On June 10, 1942, all the inhabitants of the Czech village of Lidice were killed by firing squad or sent to concentration camps. One hundred and ninety-two men were murdered on the spot, but it is estimated that the total number of men, women and children who were eventually killed exceeded 340. The buildings were then set on fire and the entire village bulldozed. The slaughter was a reprisal for the assassination of Reinhard Heydrich, who, six months earlier, had chaired the Wannsee Conference which had planned the “Final Solution to the Jewish question”. The atrocity sparked a worldwide furore. Artists and intellectuals wrote numerous poems, novels, essays and theatrical plays about the massacre, while the Czech composer Bohuslav Martinu composed an orchestral work and the British filmmaker Humphrey Jennings made The Silent Village. Time and again, the dead inhabitants of Lidice were set before the eyes and ears of the world as exemplars of “human courage in adversity” and proof of the barbarity of Hitler’s war. Their deaths served many purposes, including exhortations that it was necessary for American citizens to become “fixed as steel in our determination to stop at nothing in this war”, as Edna St Vincent Millay put it in her preface to her 1942 poem “The Murder of Lidice”.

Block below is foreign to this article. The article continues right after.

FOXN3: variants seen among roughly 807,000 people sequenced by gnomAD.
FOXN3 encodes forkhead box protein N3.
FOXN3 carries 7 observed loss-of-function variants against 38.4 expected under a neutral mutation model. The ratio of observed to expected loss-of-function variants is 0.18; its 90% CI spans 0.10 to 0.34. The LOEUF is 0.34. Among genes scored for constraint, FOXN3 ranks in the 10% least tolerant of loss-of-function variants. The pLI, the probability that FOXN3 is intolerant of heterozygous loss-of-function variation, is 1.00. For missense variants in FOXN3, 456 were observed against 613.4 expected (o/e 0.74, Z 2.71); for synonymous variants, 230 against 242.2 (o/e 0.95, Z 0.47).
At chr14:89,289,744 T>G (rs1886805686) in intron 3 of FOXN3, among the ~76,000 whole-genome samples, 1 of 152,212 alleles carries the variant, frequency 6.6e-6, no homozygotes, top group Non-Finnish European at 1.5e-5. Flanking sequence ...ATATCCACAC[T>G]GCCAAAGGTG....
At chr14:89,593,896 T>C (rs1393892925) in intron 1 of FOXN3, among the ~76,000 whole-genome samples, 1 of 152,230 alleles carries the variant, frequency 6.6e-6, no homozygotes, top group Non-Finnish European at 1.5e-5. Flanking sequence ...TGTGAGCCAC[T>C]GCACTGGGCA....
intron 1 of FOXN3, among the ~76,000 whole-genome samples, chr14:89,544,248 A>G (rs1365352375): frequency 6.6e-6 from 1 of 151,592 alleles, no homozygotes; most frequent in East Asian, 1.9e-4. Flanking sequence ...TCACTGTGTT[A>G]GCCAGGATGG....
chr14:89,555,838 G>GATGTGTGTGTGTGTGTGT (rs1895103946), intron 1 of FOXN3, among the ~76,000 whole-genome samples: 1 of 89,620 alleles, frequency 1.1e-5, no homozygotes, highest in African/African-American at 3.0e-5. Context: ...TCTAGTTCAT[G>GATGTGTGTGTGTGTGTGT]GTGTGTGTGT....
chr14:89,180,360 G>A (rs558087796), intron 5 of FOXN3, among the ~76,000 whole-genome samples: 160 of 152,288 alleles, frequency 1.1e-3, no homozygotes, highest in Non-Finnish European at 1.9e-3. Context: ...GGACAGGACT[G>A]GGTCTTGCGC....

more from Joanna Bourke at the TLS here.